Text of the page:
The energy building around more connected, personalized health care is truly exciting. In the past week alone, several initiatives are emerging to better personalize and connect health information. However, to date, no one has connected the personal to the public. Combining personal and public health data has the power to transform health care, creating powerful feedback loops to shape better health (not just care). We’ve already seen a  correlation in Facebook likes and hospital quality.

Public good
Like retailers and marketers, public health officials can use the combined personal and public data across sectors to find and discover connections and patterns currently obscured by a balkanized system. For example, epidemiologists tracking a Pertussis outbreak can cross reference with immunization rates, antibiotics prescribed to stop contagion, alert area schools and recommend targeted Facebook informational ads to parents in hotspot locations.

The “Public Health Graph” would sit at the center connecting clinical, personal, social, and societal data, bridging the divides that keep us from being more informed or force us to search for information from website to website, app to app. The result will be a 360-degree, 24/7 view of our unique medical needs, past care history, plus the ability to learn more about how factors outside the doctor’s office impact health and do something about it.

Meaningful Uses
Using the Robert Wood Johnson Foundation’s  county health rankings released recently, parents, business leaders, public officials and others can make connections to a range of factors affecting health where they live including access to health care, healthy foods and recreational opportunities, unemployment, obesity, smoking, air quality, and premature death trends over the previous decade. Have a child with asthma? Consult your Health Graph’s air quality index, get tips from the  Asthma and Allergy Foundation of America  and connect with other parents. Want to protect your child from the vagaries of obesity? Connect with others and use the data to rally city hall to build more playgrounds and bike paths and eliminate food deserts.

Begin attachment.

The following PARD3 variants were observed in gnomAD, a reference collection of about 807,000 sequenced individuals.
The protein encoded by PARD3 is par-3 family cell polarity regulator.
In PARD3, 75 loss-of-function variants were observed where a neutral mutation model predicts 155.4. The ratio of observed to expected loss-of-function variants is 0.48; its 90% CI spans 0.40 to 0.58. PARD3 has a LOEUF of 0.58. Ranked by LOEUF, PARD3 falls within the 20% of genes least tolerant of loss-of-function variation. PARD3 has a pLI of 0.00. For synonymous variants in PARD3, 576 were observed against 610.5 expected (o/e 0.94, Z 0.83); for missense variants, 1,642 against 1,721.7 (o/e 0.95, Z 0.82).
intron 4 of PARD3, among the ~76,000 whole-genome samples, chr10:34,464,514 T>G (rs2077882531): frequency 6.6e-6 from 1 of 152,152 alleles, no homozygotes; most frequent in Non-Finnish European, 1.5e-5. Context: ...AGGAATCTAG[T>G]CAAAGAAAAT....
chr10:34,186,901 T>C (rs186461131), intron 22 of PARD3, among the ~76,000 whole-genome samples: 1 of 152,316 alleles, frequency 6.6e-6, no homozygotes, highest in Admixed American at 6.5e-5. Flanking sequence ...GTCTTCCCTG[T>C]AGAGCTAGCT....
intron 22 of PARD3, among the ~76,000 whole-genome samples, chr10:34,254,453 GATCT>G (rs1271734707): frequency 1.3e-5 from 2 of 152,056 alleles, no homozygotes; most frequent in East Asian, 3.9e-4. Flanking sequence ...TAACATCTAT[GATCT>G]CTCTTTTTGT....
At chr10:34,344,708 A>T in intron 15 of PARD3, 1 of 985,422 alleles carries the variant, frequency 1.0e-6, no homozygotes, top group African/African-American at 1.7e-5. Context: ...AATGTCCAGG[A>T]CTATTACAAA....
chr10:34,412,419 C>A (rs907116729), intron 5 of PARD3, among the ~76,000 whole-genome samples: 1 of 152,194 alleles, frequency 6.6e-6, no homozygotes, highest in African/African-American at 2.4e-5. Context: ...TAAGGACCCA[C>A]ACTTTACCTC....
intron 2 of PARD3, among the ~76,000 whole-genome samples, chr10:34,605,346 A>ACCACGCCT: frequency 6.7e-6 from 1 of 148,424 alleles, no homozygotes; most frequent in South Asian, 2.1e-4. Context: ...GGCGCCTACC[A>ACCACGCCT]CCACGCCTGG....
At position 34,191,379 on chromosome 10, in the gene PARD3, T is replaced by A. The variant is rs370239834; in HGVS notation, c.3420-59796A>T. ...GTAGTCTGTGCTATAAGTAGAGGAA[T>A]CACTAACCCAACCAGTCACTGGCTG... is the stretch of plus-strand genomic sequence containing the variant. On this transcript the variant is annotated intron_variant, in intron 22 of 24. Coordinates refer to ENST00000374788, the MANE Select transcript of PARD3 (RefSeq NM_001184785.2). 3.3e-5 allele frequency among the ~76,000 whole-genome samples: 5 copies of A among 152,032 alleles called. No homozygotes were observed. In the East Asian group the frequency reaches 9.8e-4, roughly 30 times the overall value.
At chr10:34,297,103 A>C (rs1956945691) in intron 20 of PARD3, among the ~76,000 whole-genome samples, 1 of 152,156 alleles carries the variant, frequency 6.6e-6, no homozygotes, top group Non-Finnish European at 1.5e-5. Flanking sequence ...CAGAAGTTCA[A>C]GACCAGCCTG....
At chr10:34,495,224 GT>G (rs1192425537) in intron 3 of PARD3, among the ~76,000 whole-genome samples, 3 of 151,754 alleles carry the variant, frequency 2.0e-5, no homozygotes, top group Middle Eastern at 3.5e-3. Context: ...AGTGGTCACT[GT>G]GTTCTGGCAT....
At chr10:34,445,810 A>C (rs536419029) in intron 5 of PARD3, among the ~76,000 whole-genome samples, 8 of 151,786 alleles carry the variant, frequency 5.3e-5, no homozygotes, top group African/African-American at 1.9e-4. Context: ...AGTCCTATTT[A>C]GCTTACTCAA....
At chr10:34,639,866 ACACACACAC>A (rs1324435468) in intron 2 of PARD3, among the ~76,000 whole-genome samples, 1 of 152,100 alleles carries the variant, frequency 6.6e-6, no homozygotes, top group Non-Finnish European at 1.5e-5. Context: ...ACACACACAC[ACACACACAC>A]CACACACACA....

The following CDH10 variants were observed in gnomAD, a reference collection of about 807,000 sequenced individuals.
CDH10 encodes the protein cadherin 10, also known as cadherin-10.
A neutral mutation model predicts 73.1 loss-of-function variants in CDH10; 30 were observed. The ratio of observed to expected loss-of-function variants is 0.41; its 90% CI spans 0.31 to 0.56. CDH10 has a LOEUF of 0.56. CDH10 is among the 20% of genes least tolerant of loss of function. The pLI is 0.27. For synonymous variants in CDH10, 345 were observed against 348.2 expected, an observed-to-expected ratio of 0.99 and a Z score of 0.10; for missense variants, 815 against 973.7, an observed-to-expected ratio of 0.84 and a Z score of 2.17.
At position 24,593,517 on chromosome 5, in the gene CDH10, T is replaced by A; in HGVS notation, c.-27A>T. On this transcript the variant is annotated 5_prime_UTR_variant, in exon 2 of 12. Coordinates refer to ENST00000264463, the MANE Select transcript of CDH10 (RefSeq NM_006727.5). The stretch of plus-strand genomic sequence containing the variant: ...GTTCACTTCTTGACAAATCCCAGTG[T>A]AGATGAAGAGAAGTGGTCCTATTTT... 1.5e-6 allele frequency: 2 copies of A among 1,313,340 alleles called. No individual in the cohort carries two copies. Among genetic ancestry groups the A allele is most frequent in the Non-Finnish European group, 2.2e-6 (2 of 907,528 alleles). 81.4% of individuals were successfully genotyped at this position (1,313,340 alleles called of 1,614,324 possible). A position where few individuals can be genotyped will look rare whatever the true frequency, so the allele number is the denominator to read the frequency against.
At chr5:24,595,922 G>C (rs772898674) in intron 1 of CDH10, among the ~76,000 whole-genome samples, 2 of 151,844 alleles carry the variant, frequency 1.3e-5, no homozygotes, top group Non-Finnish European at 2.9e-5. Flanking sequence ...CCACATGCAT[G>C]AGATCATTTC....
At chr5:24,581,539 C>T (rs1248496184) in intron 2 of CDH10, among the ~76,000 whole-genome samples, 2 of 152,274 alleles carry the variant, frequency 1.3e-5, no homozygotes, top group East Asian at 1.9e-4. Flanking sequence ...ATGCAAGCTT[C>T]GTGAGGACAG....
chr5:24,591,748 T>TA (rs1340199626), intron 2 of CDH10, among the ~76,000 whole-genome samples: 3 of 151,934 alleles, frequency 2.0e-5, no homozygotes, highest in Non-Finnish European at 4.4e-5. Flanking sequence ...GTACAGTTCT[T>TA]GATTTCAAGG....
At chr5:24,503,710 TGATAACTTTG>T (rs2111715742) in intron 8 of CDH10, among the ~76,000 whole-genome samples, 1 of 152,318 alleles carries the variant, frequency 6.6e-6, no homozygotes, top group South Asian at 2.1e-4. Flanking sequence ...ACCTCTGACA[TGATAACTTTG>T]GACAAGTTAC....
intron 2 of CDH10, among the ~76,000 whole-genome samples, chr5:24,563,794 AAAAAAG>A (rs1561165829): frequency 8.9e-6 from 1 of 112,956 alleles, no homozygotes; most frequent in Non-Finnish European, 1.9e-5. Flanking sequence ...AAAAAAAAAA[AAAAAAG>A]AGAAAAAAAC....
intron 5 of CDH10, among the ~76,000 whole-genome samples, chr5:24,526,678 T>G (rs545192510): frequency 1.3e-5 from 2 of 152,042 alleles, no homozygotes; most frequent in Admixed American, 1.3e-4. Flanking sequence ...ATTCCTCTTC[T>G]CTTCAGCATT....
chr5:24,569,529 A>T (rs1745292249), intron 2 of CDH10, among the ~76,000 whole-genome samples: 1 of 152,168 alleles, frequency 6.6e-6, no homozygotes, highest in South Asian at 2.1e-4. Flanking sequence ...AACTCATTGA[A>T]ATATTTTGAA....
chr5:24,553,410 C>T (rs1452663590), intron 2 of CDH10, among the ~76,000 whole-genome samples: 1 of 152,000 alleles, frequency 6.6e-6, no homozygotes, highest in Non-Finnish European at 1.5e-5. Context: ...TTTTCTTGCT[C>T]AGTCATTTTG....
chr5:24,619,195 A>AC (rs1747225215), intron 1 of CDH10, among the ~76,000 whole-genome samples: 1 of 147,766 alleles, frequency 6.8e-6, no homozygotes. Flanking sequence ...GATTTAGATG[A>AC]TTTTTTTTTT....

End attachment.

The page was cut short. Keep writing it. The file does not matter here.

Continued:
Because it’s “your damn data,” the Public Health Graph would allow you to choose how you want it to be used. Share it with your doctor (or not). Donate it (with a mechanism to anonymize of course) to researchers and causes similar to the way those with cancer or other diseases currently share data from their tissue samples with research databases and access to clinical trials. Join communities of others who share your unique health goals.

Let’s not wait until 2020 to have another “meaningful use” requirement that encourages physicians to connect to their patients’ online Health Graph activity and  changes the center of gravity to connect the host of public health data  to patients in ways that are personally relevant and actionable.

There are obvious privacy issues to address and financial incentives that encourage the hoarding and siloing of data to overcome. But now is the time to prevent data silos before they start and take root. Haven’t we had enough interoperability hurdles?

What do you think? What  lessons from “meaningful use” carrots and sticks can we apply to create a more open, connected system? Share your ideas via Twitter and Facebook using #PublicHealthGraph.